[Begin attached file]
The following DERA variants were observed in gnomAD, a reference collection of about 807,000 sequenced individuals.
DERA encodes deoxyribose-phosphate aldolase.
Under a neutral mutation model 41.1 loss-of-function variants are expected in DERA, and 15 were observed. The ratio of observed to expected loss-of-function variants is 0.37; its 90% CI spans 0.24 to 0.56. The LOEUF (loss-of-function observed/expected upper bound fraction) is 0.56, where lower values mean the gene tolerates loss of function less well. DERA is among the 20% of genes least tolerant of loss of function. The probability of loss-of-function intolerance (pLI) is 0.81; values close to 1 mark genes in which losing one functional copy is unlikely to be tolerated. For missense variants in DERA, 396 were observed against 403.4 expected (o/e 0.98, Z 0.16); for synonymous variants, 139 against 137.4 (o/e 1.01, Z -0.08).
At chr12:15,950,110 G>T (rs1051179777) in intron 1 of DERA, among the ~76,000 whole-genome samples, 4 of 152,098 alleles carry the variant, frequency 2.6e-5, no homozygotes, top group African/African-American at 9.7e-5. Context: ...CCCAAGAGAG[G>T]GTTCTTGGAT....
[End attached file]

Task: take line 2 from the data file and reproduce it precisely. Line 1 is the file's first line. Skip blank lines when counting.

DERA encodes deoxyribose-phosphate aldolase.